The US is pursuing a wide-ranging, high-tech campaign against Iran’s nuclear program that includes the cybersabotage project known as Stuxnet, which was developed by the Central Intelligence Agency in conjunction with Idaho National Laboratory, Israeli agencies, and other US agencies, according to people familiar with the efforts.
“It’s part of a larger campaign,” said a former US official who asked to be unnamed. “It’s a preferable alternative to airstrikes.”
Through the administrations of President Barack Obama and his predecessor, George W. Bush, the US has pursued a cyber campaign, code-named “Olympic Games,” to attack the Iranian program, former US officials said.
The existence of Stuxnet and the presumption of US and Israeli involvement have been widely reported, even though US officials have never confirmed the government’s role. The code name and scope of the project and other details of the effort were reported on Friday by the New York Times in an adaptation from a coming book.
In 2010, it was the United States who launched Stuxnet, a seek-and-destroy cyber missile against Iran’s nuclear infrastructure, according to the report. The virus was, in fact, created jointly by the United States and Israel, it said.
In his first months in office, Obama covertly ordered sophisticated attacks on the computers that ran Iran’s nuclear facilities, upping US use of cyber weaponry in a sustained attack, the newspaper said.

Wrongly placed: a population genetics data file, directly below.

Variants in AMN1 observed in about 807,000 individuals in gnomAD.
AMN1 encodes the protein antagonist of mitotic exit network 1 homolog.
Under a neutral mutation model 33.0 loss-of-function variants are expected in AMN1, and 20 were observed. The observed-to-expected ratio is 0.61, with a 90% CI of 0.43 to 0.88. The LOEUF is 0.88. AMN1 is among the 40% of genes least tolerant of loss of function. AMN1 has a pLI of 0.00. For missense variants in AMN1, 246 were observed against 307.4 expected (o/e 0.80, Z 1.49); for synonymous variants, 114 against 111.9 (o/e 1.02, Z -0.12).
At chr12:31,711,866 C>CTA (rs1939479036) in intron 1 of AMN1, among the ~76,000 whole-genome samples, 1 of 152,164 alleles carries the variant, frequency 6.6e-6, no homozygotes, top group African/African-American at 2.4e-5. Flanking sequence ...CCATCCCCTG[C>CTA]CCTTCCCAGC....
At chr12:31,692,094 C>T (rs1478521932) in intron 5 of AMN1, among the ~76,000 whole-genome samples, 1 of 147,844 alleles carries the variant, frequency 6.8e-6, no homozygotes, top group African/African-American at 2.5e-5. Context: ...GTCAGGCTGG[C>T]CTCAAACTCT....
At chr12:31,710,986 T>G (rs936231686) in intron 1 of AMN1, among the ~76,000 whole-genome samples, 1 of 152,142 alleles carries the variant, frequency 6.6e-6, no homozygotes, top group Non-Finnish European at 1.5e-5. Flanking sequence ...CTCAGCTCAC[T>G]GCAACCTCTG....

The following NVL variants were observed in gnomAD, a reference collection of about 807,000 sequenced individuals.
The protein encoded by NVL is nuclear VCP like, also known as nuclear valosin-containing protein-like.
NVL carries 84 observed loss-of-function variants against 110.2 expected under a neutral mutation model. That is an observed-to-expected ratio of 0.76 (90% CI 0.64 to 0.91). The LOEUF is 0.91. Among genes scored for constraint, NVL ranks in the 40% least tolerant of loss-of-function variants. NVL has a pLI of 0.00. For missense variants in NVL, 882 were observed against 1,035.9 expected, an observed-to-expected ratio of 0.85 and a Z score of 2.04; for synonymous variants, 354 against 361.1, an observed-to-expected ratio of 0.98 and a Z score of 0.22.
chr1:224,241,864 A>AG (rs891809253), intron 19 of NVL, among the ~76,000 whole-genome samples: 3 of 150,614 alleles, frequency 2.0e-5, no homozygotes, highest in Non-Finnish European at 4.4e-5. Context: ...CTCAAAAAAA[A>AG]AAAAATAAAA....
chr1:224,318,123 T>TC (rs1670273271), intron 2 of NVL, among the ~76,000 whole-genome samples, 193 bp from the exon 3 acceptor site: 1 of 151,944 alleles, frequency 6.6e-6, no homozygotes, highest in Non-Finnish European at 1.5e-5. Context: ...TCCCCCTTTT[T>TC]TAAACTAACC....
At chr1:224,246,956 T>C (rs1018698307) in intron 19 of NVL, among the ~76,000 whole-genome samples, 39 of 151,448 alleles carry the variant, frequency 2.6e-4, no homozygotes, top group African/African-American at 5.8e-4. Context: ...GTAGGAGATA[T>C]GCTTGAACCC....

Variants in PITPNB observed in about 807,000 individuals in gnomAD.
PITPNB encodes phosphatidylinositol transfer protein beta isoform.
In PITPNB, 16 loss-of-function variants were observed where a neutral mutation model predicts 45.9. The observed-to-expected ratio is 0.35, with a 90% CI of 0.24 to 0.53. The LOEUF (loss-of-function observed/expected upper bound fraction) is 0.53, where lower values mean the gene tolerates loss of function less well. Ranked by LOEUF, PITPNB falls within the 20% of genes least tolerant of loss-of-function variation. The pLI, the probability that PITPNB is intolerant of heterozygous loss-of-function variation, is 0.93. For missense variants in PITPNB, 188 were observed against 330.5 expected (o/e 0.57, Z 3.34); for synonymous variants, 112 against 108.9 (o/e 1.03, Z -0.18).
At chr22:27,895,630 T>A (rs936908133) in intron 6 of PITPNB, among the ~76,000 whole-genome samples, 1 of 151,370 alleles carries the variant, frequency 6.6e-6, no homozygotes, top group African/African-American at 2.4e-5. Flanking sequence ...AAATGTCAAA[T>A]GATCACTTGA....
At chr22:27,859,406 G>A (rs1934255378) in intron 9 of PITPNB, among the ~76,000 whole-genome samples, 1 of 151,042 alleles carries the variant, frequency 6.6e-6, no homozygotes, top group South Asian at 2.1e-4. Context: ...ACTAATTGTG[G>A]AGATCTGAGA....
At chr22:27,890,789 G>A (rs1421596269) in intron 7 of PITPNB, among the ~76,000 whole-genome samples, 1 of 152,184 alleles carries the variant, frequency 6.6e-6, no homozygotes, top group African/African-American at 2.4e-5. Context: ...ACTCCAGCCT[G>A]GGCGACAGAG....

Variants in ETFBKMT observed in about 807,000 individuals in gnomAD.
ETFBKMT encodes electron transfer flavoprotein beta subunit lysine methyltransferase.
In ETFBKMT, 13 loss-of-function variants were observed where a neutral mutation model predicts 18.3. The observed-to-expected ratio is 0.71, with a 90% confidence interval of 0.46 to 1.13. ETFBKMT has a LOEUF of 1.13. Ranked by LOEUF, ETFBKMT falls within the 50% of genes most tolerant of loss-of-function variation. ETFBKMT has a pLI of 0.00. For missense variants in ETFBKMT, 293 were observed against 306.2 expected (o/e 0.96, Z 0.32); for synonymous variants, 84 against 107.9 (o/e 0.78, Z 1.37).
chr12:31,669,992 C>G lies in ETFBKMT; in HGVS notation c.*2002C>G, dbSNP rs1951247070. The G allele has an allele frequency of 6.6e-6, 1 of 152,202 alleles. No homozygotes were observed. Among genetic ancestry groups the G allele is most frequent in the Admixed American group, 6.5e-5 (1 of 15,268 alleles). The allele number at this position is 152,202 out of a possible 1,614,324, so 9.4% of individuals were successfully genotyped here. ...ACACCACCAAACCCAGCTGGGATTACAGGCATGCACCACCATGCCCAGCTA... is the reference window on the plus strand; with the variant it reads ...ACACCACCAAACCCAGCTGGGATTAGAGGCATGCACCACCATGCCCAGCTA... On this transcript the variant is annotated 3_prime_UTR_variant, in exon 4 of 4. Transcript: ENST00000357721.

But after a programming error, the worm whooshed around the world on the Internet.
The paper said the US continued using the worm although it knew that the malware would damage centers and facilities around the globe.
“Should we shut this thing down?” Obama asked members of his national security team who were in the room told the paper.
Only recently has the US government acknowledged developing cyber-weapons.
Now efforts are underway to decipher the origins of another malicious program experts believe is part of government-sponsored cyber warfare and intelligence gathering. Again, Iran is the target, said the report.
As the Los Angeles Times’ Sergei L. Loiko wrote earlier this week, computer virus experts at Russia’s Kaspersky Lab came across this malware while searching for a villain dubbed the Wiper.
“We entered a dark room in search of something and came out with something else in our hands, something different, something huge and sinister,” Vitaly Kamlyuk, a senior antivirus expert at Kaspersky Lab, said in an interview.
Flame, as it’s called, can copy and steal data and audio files, turn on a computer microphone and record all the sounds nearby, take screen shots, read documents and emails, and capture passwords and logins.
The program can communicate with other computers in its vicinity through the infected computer’s Bluetooth and locate them even without an Internet connection, Kamlyuk said.
“Many people still think that cyber warfare is a myth and a fantasy, but as we reassemble and study one by one the numerous components and modules of this unique program we see that it is a real weapon of this undeclared war that is already going on.”